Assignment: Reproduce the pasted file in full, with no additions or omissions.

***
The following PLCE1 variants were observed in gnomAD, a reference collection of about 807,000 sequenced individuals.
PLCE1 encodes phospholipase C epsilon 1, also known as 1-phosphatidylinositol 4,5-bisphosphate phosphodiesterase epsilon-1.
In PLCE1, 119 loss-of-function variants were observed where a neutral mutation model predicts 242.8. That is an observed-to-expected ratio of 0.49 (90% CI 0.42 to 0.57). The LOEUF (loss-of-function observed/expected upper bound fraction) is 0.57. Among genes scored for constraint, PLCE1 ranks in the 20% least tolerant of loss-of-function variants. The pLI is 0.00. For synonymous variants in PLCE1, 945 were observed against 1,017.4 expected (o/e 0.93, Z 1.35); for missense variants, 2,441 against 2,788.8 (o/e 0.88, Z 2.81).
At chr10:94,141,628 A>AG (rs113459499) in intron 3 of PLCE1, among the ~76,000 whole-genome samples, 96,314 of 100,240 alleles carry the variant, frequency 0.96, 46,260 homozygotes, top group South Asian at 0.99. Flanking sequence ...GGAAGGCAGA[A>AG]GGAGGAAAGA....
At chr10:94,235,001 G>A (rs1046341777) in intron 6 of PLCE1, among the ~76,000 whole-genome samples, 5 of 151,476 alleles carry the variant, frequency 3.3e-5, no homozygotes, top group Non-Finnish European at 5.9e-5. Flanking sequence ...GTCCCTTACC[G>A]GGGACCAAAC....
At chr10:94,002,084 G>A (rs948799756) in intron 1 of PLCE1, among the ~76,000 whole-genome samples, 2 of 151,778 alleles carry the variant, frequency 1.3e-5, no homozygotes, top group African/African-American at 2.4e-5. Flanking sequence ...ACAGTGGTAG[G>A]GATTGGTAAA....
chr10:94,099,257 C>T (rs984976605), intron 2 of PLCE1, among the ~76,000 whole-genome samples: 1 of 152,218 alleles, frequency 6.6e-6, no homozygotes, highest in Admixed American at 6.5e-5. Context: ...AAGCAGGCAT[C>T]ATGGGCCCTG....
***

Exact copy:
The following PLCE1 variants were observed in gnomAD, a reference collection of about 807,000 sequenced individuals.
PLCE1 encodes phospholipase C epsilon 1, also known as 1-phosphatidylinositol 4,5-bisphosphate phosphodiesterase epsilon-1.
In PLCE1, 119 loss-of-function variants were observed where a neutral mutation model predicts 242.8. That is an observed-to-expected ratio of 0.49 (90% CI 0.42 to 0.57). The LOEUF (loss-of-function observed/expected upper bound fraction) is 0.57. Among genes scored for constraint, PLCE1 ranks in the 20% least tolerant of loss-of-function variants. The pLI is 0.00. For synonymous variants in PLCE1, 945 were observed against 1,017.4 expected (o/e 0.93, Z 1.35); for missense variants, 2,441 against 2,788.8 (o/e 0.88, Z 2.81).
At chr10:94,141,628 A>AG (rs113459499) in intron 3 of PLCE1, among the ~76,000 whole-genome samples, 96,314 of 100,240 alleles carry the variant, frequency 0.96, 46,260 homozygotes, top group South Asian at 0.99. Flanking sequence ...GGAAGGCAGA[A>AG]GGAGGAAAGA....
At chr10:94,235,001 G>A (rs1046341777) in intron 6 of PLCE1, among the ~76,000 whole-genome samples, 5 of 151,476 alleles carry the variant, frequency 3.3e-5, no homozygotes, top group Non-Finnish European at 5.9e-5. Flanking sequence ...GTCCCTTACC[G>A]GGGACCAAAC....
At chr10:94,002,084 G>A (rs948799756) in intron 1 of PLCE1, among the ~76,000 whole-genome samples, 2 of 151,778 alleles carry the variant, frequency 1.3e-5, no homozygotes, top group African/African-American at 2.4e-5. Flanking sequence ...ACAGTGGTAG[G>A]GATTGGTAAA....
chr10:94,099,257 C>T (rs984976605), intron 2 of PLCE1, among the ~76,000 whole-genome samples: 1 of 152,218 alleles, frequency 6.6e-6, no homozygotes, highest in Admixed American at 6.5e-5. Context: ...AAGCAGGCAT[C>T]ATGGGCCCTG....